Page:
How can a public figure or company deliver a successful apology?

Most people would have a hard time remembering a good public apology. PRWeek asked experts to name the critical elements to a successful one.

JetBlue CEO David Neeleman issued what is considered to be one of the first video apologies.
JetBlue CEO David Neeleman issued what is considered to be one of the first video apologies.

Alex Clark, director of corporate communications, Mattel

I’m sure there have been many excellent public apologies delivered throughout history, but most people would have a hard time remembering one. After all, the goal of a public apology is to draw attention away from a difficult situation, so it’s little surprise that the most effective apologies are the ones we forget.

On the other hand, nobody forgets a botched public apology. Former President Bill Clinton’s 1998 apology to the nation for his "inappropriate" relationship with a White House intern comes to mind, as does NFL commissioner Roger Goodell’s more recent apology for his organization’s slow and inadequate response to the Ray Rice scandal. Neither of these apologies were handled well, and as a result, they’re both memorable.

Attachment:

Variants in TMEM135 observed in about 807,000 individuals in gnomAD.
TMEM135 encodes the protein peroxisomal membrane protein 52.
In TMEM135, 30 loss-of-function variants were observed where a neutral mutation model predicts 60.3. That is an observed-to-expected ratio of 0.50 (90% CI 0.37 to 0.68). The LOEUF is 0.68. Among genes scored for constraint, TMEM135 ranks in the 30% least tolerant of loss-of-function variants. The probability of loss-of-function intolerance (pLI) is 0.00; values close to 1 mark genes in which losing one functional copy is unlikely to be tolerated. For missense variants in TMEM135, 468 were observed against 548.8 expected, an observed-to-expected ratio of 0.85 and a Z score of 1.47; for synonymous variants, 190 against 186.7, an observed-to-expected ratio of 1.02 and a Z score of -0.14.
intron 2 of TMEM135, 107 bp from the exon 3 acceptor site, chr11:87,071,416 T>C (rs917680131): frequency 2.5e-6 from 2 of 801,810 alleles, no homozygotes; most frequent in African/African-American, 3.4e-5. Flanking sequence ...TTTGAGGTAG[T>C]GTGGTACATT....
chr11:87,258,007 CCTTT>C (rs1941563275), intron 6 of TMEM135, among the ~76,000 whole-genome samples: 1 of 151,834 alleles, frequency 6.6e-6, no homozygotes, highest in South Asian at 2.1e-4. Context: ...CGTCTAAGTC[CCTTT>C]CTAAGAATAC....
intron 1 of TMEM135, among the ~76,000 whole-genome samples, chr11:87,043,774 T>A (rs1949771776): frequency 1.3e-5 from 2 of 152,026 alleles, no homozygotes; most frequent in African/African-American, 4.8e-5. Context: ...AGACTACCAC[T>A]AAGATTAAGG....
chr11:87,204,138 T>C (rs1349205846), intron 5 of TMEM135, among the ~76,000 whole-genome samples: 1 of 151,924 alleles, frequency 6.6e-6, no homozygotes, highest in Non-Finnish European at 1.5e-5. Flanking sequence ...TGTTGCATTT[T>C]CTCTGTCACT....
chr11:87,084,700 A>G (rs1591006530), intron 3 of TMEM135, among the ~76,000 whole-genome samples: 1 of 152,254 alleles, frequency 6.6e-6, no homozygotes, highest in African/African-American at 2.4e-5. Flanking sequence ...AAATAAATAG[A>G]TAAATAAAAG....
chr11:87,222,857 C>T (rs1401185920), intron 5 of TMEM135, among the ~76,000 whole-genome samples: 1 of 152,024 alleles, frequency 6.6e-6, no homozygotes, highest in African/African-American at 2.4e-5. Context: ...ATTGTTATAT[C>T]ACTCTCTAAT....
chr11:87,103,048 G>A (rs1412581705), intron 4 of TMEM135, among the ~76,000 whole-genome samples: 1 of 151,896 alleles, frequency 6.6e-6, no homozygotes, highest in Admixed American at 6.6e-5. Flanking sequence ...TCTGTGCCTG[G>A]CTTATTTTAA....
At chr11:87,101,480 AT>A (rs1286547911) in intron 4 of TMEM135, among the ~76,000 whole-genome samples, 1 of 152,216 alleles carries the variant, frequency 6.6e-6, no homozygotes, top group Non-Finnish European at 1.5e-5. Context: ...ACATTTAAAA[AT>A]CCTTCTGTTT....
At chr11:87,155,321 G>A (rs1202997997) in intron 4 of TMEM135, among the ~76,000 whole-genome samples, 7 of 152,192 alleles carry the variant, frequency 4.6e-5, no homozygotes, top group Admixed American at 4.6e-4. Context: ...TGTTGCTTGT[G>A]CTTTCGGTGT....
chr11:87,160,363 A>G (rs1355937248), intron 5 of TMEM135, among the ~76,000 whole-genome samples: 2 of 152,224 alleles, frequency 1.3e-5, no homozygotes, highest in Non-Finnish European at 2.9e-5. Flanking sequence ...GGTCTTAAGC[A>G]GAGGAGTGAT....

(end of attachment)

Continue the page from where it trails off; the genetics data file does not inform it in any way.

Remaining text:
There are three critical elements to an effective apology.

First, the apology must be genuinely contrite. If you’re sorry for something, say so, and mean it. Nothing is less satisfying to an aggrieved public than a perfunctory apology that is clearly insincere. Not only does an insincere apology fail to ameliorate a difficult situation, it can make the situation worse.

An effective apology should also include a clear acknowledgement that a mistake was made. Too often, public figures are reluctant to admit that they made a mistake, and that it had a negative impact on a person or group of people. Public apologies are often vague in this regard, and the public is left wondering what exactly the apology is meant to address.